Maloney concedes, but key firsts for LGBTQ candidates on election night

Maura Healey
Massachusetts Gov.-elect Maura Healey speaks during an election night party in Boston.
AP Photo/Michael Dwyer

Several LGBTQ congressmembers secured re-election victories and there were historic gains from coast to coast on Election Night, but there were mixed results in New York, where out gay Congressmember Sean Patrick Maloney was defeated and an out gay Republican won a Congressional race.

At the same time, queer candidates for New York State Legislature rolled to victory across the board on an evening when Governor Kathy Hochul fended off her Republican opponent, Congressmember Lee Zeldin.

The 2022 midterm election contests are not all settled — including prominent races such as the Senate showdown in Georgia — but results are nonetheless taking shape.

Starting with the House race in New York’s 17th District,  Maloney — who chairs the Democratic Congressional Campaign Committee — conceded to his Republican challenger, Mike Lawler, late in the morning on November 9, capping off a significant upset. Maloney has represented the 18th Congressional District, but set his sights on the 17th after redistricting.

In New York’s Third Congressional District, it was a competition between two out gay candidates from different parties. Democrat Robert Zimmerman, aiming to replace Tom Suozzi, fell to Republican George Santos.

Out gay Congressmember Ritchie Torres of the Bronx grabbed about 75% of the vote en route to an easy victory over Republican Stylo Sapaskis in District 15. The state’s other out gay member of Congress, Mondaire Jones, did not run in the general election after losing the primary in New York’s 10th Congressional District.

In the State Senate, out incumbents Jabari Brisport and Brad Hoylman won their races. Out Assemblymembers Daniel O’Donnell, Deborah Glick, Harry Bronson, and Jessica González-Rojas also won re-election contests and Tony Simone won his first general election as he prepares to take over for retiring Assemblymember Richard Gottfried.

Elsewhere, many out incumbents cruised to victory and there were already a number of historic wins highlighted by the LGBTQ Victory Fund by the morning after the election.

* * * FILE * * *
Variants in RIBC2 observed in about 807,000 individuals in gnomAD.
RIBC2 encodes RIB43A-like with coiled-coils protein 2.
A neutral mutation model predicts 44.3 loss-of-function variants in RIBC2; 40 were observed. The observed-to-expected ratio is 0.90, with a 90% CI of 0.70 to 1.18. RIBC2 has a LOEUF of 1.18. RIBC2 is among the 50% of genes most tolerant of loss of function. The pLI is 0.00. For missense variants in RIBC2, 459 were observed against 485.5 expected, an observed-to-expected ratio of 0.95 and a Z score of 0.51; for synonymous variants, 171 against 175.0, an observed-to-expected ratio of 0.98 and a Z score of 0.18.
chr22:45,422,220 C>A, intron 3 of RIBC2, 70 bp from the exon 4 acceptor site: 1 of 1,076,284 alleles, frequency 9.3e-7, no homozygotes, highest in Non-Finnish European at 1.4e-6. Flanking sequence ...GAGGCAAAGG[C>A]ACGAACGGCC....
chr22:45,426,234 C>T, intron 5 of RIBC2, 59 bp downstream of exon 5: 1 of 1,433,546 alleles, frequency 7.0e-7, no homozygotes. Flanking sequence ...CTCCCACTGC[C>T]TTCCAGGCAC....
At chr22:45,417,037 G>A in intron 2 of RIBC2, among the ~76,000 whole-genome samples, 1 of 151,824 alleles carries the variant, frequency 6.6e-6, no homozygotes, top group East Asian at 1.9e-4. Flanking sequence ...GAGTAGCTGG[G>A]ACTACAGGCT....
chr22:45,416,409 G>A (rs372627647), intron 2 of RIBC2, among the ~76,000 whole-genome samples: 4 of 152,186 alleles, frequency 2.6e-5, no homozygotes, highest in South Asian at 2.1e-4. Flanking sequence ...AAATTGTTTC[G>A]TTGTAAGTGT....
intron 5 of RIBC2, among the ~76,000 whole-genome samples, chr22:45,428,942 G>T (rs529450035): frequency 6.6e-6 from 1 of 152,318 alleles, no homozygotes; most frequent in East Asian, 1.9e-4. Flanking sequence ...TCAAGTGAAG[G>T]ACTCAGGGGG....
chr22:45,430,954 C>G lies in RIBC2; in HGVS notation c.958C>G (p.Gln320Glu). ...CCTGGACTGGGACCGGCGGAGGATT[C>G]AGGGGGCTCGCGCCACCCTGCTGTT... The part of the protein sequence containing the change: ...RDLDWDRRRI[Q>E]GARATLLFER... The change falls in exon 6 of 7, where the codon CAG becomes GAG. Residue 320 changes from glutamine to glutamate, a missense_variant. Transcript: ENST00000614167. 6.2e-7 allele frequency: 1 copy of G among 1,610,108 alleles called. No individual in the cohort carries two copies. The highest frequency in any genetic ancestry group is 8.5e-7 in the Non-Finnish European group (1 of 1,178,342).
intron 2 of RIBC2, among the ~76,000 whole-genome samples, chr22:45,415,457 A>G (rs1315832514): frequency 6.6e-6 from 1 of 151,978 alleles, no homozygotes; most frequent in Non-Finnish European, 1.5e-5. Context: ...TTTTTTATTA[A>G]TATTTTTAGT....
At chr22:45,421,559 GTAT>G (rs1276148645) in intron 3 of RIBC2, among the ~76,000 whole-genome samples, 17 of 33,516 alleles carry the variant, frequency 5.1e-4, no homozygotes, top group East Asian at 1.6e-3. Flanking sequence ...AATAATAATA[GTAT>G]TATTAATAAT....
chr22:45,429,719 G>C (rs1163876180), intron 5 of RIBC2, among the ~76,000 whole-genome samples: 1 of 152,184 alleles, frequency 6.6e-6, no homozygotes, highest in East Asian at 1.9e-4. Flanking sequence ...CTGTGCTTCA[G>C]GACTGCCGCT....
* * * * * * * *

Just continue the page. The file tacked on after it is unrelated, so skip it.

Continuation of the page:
Sharice Davids of Kansas, David Cicilline of Rhode Island, Angie Craig of Minnesota, Mark Pocan of Wisonsin, Chris Pappas of New Hampshire, and Mark Takano of California won new terms. Out candidates who won House races for the first time included Becca Balint of Vermont, who became the state’s first out LGBTQ person and first woman elected to Congress, and Robert Garcia of California, who is the first out immigrant elected to the House, according to the Victory Fund. Meanwhile, Eric Sorensen appeared to win his race for Illinois’ District 17, becoming the first out congressmember from Illinois.

Two other out Democrats — Will Rollins of California and Jamie LcLeod-Skinner of Oregon — are engaged in close races for Congress. Rollins is up slightly, but McLeod-Skinner is trailing by several percentage points.

Notably, Maura Healey of Massachusetts and Tink Kotek of Oregon became the first out lesbian governors in American history after securing victories in their races.

In Colorado, Governor Jared Polis became the first out gay governor to win re-election. In New Hampshire, House candidate James Roesener became the first out trans man to win an election in a State Legislature. In California, Robert Garcia of the 42nd Congressional District won his race to become the first out LGBTQ immigrant elected to Congress.

Among other takeaways, candidates Jennie Armstrong and Andrew Gray won their races for State Legislature in Arkansas, making them the first out state lawmakers in the state. The Victory Fund also welcomed the victory of Corey Jackson as the first out gay Black person elected to California’s State Legislature.

In Michigan, out Attorney General Dana Nessel was re-elected to another term.